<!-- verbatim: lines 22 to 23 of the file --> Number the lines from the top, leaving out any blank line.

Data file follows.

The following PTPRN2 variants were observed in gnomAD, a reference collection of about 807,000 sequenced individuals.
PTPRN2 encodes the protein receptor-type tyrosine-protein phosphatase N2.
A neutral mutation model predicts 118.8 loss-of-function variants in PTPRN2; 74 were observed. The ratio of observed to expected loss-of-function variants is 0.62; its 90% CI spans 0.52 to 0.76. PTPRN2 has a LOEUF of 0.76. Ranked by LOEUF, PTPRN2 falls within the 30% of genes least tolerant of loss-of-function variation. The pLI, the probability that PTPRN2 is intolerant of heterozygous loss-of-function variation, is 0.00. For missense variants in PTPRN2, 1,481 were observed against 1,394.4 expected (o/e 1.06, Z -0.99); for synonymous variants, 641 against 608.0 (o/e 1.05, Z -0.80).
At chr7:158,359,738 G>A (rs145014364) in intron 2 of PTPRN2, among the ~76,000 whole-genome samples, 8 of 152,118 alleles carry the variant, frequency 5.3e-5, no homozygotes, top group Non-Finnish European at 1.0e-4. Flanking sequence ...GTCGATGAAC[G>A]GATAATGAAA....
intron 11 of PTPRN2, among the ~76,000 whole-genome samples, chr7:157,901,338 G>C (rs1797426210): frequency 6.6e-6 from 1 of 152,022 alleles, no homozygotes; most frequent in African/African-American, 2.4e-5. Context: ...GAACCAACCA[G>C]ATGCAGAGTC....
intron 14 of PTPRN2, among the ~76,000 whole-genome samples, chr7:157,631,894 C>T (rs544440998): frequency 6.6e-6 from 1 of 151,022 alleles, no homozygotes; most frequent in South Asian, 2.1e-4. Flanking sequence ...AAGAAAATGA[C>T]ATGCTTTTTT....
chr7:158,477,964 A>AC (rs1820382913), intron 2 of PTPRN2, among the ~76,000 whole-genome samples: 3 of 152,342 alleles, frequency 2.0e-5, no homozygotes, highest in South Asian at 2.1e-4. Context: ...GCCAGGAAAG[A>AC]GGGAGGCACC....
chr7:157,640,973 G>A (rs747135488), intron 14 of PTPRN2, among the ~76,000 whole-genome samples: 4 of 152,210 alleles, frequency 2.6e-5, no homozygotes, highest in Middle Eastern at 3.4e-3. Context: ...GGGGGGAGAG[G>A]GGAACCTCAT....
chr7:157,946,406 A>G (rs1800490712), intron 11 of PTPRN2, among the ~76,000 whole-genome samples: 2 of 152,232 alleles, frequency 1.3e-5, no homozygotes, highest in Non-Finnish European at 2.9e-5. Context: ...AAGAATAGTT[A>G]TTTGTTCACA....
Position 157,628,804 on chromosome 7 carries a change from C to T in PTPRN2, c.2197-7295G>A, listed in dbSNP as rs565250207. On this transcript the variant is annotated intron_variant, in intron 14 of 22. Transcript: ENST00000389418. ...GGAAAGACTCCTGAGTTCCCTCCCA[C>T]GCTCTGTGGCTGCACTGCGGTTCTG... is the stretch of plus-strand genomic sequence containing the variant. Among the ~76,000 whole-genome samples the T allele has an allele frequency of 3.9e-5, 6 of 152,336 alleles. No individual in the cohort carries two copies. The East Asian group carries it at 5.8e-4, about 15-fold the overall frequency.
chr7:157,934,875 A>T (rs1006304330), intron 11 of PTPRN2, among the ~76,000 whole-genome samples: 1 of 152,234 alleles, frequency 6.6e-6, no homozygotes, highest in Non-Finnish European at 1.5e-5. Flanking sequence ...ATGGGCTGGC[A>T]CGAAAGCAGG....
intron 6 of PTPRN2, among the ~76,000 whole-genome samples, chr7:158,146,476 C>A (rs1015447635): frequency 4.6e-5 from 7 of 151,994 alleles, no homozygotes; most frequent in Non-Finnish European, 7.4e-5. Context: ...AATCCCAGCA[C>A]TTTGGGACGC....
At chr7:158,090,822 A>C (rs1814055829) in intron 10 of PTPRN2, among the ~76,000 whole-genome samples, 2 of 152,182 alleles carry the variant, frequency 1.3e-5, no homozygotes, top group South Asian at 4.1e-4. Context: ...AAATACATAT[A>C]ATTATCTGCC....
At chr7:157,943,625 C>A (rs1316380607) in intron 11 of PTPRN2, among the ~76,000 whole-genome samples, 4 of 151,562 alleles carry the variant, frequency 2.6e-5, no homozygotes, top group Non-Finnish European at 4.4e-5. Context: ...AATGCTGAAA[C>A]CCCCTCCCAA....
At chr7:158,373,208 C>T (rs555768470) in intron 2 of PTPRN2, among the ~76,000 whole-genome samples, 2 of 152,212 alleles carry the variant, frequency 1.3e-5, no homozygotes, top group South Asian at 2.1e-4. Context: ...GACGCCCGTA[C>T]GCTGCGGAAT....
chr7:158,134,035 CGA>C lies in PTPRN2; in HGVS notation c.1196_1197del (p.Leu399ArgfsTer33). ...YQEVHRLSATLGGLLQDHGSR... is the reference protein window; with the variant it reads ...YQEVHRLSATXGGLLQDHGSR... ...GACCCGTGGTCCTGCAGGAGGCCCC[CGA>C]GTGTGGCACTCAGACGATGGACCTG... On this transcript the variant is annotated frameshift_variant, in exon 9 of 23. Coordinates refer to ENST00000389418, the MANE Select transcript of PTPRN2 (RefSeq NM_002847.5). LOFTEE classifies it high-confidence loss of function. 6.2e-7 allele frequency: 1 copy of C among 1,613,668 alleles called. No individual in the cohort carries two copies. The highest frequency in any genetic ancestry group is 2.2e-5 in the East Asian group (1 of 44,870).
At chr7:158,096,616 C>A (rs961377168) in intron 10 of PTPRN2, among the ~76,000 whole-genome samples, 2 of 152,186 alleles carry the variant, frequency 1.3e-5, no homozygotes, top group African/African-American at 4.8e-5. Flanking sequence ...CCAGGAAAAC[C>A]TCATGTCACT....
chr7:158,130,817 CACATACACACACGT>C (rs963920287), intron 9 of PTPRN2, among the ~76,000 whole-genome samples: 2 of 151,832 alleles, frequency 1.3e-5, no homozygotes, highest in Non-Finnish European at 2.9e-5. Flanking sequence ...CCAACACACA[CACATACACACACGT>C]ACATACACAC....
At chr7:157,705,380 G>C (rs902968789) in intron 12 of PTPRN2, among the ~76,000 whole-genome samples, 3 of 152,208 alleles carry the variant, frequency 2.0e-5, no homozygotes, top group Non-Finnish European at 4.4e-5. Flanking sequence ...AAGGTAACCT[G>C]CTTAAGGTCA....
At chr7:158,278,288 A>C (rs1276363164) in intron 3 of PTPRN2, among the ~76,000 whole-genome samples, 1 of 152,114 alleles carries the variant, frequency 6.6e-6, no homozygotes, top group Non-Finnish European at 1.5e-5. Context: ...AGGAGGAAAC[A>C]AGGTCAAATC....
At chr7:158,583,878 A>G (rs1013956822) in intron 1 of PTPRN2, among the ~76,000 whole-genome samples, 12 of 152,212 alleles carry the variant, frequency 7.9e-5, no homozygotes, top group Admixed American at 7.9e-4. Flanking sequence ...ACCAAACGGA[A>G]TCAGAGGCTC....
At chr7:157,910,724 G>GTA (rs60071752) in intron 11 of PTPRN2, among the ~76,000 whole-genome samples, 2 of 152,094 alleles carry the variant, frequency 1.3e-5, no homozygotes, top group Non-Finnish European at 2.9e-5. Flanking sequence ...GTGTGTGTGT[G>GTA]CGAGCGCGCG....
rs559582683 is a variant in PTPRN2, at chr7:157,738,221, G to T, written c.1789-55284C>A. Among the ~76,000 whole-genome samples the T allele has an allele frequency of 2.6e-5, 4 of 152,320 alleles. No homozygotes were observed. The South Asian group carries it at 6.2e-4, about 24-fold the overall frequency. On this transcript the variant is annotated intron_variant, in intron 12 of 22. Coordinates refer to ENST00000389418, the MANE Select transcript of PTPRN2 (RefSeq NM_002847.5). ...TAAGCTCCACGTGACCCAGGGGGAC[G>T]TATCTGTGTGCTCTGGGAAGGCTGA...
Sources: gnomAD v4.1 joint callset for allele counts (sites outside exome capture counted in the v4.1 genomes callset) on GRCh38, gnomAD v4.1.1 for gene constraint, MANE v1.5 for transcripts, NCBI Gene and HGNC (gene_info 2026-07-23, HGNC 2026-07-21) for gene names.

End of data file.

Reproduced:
At chr7:157,910,724 G>GTA (rs60071752) in intron 11 of PTPRN2, among the ~76,000 whole-genome samples, 2 of 152,094 alleles carry the variant, frequency 1.3e-5, no homozygotes, top group Non-Finnish European at 2.9e-5. Flanking sequence ...GTGTGTGTGT[G>GTA]CGAGCGCGCG....
rs559582683 is a variant in PTPRN2, at chr7:157,738,221, G to T, written c.1789-55284C>A. Among the ~76,000 whole-genome samples the T allele has an allele frequency of 2.6e-5, 4 of 152,320 alleles. No homozygotes were observed. The South Asian group carries it at 6.2e-4, about 24-fold the overall frequency. On this transcript the variant is annotated intron_variant, in intron 12 of 22. Coordinates refer to ENST00000389418, the MANE Select transcript of PTPRN2 (RefSeq NM_002847.5). ...TAAGCTCCACGTGACCCAGGGGGAC[G>T]TATCTGTGTGCTCTGGGAAGGCTGA...